On dew and micrometeorology in an arid coastal ecosystem

Research output: Thesisinternal PhD, WU


This study investigated intriguing aspects of dew within a sandy arid ecosystem situated in the NW Negev desert, Israel. The goal was to quantify dew formation and evaporation processes through sensor design, field measurements and modelling. To do this, two new sensors were developed. The first sensor is an automated microlysimeter for measurements of water content changes within the upper soil layer. This sensor uses a sensitive inexpensive Load Cell to provide daily records of dew input and evaporation. Dew amounts reached almost 0.4 mm day-1 but were found to depend strongly on the soil type. The second sensor developed was a remote optical surface wetness sensor that was designed and tested in the laboratory and in the Negev desert. The novelty of the sensor is that it measures surface wetness directly at the interface of the atmosphere, it is non-destructive and allows for repetitive measurements on the same sample, and it can operate outdoors without being affected by direct sunlight. The sensor was found to be capable of measuring leaf water content and near soil surface water content. Data obtained for an Anabasis articulata bush showed that leaves change their leaf water content during the evening.
In general, errors in flux measurements can lead to difficulties in closing the energy balance at the surface, especially if turbulent flux or soil heat flux measurements are underestimated. Soil heat flux was assessed during the field experiments using a new approach. By placing the soil heat flux sensor near the surface, depth corrections are no longer needed. It is shown that the large soil heat fluxes in hot desert regions are very important in energy balance studies. The soil heat flux measurements led to a very good closure of the surface energy balance and highlighted the importance for careful soil heat flux measurements.An analysis of dew formation conditions revealed that the actual dew is greater than the calculated potential dew. The dew formation process seems to be enhanced by the extreme dryness of the soil. The dry soil pores reduce vapour pressure and increase the downward vapour flux. This is demonstrated by using a Penman model and incorporating the vapour pressure reduction of the soil surface.
The dew amount that is available within a soil is limited by the soil physical properties. The term FAD “Free Available Dew” is introduced to define the amount of water available for biological activity. The FAD would be higher for a biological crust with cyanobacteria than for vascular plant roots. The FAD for cyanobacteria is around 20% of total dew. To improve our understanding of the distribution and flow of dew water within a sandy soil covered with a biological crust, a multilayer soil model was constructed. The model was tested with the microlysimeter data and gravimetric soil moisture profile measurements. Diurnal soil moisture variation was found to be confined to the top 15 mm. The FAD is available in the upper half of a 4 mm thick biological crust only and limited to < 25% of the day.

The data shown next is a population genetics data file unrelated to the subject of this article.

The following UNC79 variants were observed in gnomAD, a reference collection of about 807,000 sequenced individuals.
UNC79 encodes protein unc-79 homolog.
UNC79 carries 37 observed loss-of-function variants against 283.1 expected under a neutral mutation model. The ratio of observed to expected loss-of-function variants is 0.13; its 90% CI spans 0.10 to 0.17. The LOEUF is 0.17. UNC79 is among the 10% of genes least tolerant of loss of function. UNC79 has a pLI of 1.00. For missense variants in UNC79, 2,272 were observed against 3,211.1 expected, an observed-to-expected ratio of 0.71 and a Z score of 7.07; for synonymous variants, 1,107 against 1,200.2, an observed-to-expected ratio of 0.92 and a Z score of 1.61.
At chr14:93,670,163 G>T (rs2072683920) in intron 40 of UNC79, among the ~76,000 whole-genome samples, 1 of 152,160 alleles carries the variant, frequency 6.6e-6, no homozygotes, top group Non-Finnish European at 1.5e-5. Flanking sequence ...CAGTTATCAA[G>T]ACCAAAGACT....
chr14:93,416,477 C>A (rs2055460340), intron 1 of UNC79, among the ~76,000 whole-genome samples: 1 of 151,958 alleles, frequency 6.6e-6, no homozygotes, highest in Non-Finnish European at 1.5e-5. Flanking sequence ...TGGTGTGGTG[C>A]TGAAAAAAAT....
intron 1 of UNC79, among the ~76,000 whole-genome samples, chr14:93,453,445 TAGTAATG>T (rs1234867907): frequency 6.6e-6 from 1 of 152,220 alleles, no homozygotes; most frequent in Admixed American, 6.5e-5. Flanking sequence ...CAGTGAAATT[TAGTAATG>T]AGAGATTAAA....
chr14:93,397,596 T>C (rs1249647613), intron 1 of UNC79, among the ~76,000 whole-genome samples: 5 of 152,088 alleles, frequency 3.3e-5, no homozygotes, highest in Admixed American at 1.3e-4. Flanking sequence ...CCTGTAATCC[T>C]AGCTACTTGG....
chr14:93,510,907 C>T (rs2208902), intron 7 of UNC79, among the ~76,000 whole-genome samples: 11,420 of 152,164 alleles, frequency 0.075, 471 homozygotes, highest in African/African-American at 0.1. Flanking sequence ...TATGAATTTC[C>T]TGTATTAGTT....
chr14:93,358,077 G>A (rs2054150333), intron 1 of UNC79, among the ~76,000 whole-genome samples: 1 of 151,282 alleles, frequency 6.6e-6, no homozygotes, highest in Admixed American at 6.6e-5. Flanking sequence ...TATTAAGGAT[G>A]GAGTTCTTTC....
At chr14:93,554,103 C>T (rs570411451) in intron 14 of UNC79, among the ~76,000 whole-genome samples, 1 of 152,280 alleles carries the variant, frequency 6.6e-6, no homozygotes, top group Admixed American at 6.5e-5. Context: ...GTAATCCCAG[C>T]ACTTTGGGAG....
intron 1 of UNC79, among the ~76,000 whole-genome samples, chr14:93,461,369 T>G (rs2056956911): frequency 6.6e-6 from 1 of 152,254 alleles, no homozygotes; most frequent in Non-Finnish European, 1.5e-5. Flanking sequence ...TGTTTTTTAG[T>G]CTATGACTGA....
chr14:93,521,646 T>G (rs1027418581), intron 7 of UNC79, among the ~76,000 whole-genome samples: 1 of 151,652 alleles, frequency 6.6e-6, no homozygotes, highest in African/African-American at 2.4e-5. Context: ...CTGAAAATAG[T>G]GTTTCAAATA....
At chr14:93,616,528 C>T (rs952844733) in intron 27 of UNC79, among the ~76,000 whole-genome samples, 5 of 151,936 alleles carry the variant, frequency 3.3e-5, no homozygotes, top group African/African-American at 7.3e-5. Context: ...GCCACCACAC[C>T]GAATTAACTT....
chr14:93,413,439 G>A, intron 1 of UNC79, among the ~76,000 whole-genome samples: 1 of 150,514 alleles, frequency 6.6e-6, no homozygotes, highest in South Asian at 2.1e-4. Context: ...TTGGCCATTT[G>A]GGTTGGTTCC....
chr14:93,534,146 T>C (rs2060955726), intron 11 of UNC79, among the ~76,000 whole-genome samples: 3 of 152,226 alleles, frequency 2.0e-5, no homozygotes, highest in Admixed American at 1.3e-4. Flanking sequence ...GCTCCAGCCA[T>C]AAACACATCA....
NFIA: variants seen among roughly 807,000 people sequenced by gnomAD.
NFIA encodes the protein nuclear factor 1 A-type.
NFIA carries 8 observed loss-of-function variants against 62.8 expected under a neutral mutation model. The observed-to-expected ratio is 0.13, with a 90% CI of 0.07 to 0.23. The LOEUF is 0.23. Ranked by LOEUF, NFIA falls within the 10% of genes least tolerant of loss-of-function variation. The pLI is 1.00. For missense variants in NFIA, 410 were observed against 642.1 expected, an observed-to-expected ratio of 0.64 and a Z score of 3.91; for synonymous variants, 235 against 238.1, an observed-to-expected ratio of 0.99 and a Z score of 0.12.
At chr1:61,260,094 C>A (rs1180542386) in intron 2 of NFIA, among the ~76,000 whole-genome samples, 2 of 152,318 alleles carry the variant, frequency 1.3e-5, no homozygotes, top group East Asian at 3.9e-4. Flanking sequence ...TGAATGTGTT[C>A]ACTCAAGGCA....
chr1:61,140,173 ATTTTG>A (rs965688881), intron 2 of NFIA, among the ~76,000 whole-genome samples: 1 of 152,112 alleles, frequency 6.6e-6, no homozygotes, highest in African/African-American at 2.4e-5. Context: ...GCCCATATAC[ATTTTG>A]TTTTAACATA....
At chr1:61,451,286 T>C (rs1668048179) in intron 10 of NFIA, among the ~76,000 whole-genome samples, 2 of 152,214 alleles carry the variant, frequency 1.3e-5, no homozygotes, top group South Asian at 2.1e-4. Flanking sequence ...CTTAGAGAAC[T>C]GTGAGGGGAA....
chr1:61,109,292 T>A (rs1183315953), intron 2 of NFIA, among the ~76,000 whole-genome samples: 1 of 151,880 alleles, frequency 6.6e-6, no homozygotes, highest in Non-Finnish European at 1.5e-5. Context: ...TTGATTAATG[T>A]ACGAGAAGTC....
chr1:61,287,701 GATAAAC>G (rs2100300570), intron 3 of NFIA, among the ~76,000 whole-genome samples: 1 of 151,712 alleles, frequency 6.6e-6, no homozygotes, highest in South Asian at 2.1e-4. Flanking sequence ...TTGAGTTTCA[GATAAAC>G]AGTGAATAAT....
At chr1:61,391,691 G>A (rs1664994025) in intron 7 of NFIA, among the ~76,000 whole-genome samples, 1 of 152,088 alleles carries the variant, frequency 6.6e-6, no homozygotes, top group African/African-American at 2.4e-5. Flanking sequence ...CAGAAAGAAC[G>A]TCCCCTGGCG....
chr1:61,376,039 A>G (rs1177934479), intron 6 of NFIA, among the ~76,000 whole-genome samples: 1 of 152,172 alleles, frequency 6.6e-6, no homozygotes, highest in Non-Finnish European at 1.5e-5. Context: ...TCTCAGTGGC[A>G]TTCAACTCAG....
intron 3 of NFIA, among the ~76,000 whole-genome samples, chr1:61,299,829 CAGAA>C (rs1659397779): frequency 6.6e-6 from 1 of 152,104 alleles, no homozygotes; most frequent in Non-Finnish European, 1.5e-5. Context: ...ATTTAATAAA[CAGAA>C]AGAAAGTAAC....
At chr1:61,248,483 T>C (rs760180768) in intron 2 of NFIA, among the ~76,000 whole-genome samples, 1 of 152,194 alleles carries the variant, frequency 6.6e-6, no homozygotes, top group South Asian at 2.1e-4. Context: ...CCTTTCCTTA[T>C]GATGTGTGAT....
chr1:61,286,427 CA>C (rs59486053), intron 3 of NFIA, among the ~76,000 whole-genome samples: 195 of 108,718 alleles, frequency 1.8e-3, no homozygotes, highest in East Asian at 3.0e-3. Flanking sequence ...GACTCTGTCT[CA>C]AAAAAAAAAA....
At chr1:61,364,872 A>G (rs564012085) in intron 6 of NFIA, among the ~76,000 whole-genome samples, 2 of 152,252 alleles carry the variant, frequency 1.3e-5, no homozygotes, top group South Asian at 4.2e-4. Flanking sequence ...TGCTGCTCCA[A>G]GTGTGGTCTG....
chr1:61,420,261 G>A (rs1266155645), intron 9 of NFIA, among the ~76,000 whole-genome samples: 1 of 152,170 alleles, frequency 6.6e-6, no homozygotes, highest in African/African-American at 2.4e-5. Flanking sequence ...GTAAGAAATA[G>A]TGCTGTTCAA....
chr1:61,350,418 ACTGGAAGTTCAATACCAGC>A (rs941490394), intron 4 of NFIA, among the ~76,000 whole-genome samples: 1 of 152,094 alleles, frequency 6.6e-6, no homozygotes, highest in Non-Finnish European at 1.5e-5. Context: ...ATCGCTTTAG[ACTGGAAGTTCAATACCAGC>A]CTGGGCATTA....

The possibility of harvesting dew from an artificial flat surface within the interdune was investigated by constructing a dew collector and analyzing the measurements. This resulted in a detailed dew model to simulate dew yield in general. Dew yields of 0.30 mm day-1 are possible in the NW Negev desert at a location 40 km from the coast at the end of the dry season. The artificial flat surface tested here provided 0.10 mm day-1. Modelled yields were found to be larger near the coastline.
Open path gas analyzers and ultrasonic anemometers have been used to measure water vapour fluxes. Dew can affect the performance of open path gas analyzers and thus affect data quality in an arid environment. A field experiment showed that additional sensor heating can avoid dew problems and yet greatly improve the quality of flux measurements. A detailed energy balance model of the gas analyzer window housings is presented so that existing datasets can be filtered for dew contamination events on the windows. Additional heating does influence the measured concentration but the effect is very minor.

Original languageEnglish
QualificationDoctor of Philosophy
Awarding Institution
  • Wageningen University
  • Holtslag, Bert, Promotor
  • Jacobs, A.F.G., Promotor, External person
Award date4 Jun 2008
Place of Publication[S.l.
Print ISBNs9789085049326
Publication statusPublished - 2008


  • arid lands
  • arid soils
  • ecosystems
  • dew
  • micrometeorology

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